I have good news. The Hurwitz action of a simple braid or the inverse of a simple braid from a tuple on a group takes $$O(n\cdot\log(n))$$ many group operations which is much better than the $$O(n^{2})$$ many operations it would take using the bubblesort-like Hurwitz action algorithm.

In particular, the Hurwitz action of a braid $$b$$ which can be written as the composition of $$k$$ simple braids in $$B_{n}$$ takes $$O(k\cdot n\cdot\log(n))$$ many group operations.

Let $$G$$ be a finite group and let $$(x_{1},\dots,x_{n})\in G^{n}$$. Let $$b$$ be a simple braid. For easier-to-read code, we shall assume that $$n=2^{N}$$ for some $$N$$.

The following code in the programming language GAP returns the output of the action $$(x_{1},...,x_{n})\cdot b$$ where list denotes $$(x_{1},...,x_{n})$$ and where if perm denotes the array $$(f(1),...,f(n))$$ where $$f=\pi(b)$$ where $$\pi:B_{n}\rightarrow S_{n}$$ is the projection to the semigroup. The following algorithm shall be called the fast Hurwitz action.

fastactionsimple:=function(perm,list)
n:=Length(perm);
output:=[];
tree:=[list];
for i in [1..N-1] do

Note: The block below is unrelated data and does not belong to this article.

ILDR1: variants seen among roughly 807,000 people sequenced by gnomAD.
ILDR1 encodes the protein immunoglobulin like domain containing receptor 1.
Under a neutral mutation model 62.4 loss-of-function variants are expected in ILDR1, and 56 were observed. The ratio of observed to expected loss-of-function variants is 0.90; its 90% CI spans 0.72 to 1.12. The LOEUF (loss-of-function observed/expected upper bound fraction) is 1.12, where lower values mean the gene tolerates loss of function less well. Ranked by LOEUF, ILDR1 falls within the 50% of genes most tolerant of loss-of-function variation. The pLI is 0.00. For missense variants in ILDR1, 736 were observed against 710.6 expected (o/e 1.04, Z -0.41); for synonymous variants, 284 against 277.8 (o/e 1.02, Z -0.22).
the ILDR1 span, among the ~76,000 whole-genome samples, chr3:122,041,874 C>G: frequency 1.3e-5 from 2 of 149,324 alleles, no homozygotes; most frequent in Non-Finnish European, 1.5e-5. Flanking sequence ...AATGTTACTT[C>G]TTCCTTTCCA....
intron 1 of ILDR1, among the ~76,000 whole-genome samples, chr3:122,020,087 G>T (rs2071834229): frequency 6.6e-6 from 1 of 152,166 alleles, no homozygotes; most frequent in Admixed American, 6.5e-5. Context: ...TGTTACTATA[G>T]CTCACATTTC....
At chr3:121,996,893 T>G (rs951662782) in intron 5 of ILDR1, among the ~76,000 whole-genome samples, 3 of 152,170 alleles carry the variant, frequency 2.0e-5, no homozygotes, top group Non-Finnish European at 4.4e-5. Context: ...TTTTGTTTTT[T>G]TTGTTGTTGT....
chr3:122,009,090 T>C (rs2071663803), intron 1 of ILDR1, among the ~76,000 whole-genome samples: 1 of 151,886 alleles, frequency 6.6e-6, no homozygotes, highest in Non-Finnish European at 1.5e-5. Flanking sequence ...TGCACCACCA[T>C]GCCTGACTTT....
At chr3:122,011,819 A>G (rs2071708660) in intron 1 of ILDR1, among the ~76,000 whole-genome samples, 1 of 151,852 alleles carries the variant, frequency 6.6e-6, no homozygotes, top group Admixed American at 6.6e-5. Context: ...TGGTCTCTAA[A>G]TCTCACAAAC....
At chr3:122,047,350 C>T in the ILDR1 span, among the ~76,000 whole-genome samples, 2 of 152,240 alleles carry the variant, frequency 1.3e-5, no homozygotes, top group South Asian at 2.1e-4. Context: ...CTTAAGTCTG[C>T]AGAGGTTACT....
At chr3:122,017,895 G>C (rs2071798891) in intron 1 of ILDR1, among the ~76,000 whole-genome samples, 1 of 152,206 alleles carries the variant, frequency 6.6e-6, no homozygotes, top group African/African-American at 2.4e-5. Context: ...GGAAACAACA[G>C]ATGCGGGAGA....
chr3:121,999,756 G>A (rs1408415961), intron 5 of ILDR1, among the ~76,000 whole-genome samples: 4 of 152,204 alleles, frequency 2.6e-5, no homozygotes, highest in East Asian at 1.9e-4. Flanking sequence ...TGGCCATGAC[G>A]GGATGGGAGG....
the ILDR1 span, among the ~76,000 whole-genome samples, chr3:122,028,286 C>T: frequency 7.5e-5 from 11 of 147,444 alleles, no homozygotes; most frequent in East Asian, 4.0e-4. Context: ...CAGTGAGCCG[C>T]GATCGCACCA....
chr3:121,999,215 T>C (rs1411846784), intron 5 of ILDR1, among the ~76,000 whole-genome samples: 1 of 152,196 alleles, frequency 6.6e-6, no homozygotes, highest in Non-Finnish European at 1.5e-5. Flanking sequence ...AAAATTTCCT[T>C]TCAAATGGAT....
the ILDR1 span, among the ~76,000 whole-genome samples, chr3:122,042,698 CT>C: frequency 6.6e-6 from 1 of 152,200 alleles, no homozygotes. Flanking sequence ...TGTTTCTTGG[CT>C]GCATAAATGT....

tree[i+1]:=[];
for j in [1..Length(tree[i])/2] do
tree[i+1][j]:=tree[i][2*j-1]*tree[i][2*j];
od;
od;
for i in [1..n] do
a:=perm[i];
b:=tree[a];
aa:=a;
tree[a]:=();
for j in [2..N] do
aa:=(aa+RemInt(aa,2))/2;
if 2*aa<=Length(tree[j-1]) then
tree[j][aa]:=tree[j-1][2*aa-1]*tree[j-1][2*aa];
else
tree[j][aa]:=tree[j-1][2*aa-1];
fi;
od;
v:=();
bin:=0;
for j in Reversed([1..N]) do
if (bin+1)*2^(j-1)<=a then v:=v*tree[j][bin+1]; bin:=(bin+1)*2;
else bin:=bin*2;
fi;
od;
output[i]:=v*b*v^(-1);
od;
return output;
end;


Remark: The following example illustrates how to make further improvements to compute the Hurwitz action even quicker. Let $$T_{r}$$ denotes the collection of all transpositions in $$S_{r}$$. Then computing the group operation in $$S_{r}$$ takes $$O(r)$$ time which makes the fast Hurwitz action on $$S_{r}$$ take take $$O(nr\cdot\log(n))$$ time which may be worse than the $$O(n^{2})$$ time that the standard Hurwitz action would take. Luckily, one can modify the above algorithm so that the Hurwitz action $$(x_{1},...,x_{n})\cdot b$$ where $$b$$ is simple and $$x_{1},...,x_{n}\in T_{r}$$ can be computed in $$O(n\cdot\log(n))$$ time by a straightforward modification to the algorithm for the fast Hurwitz action.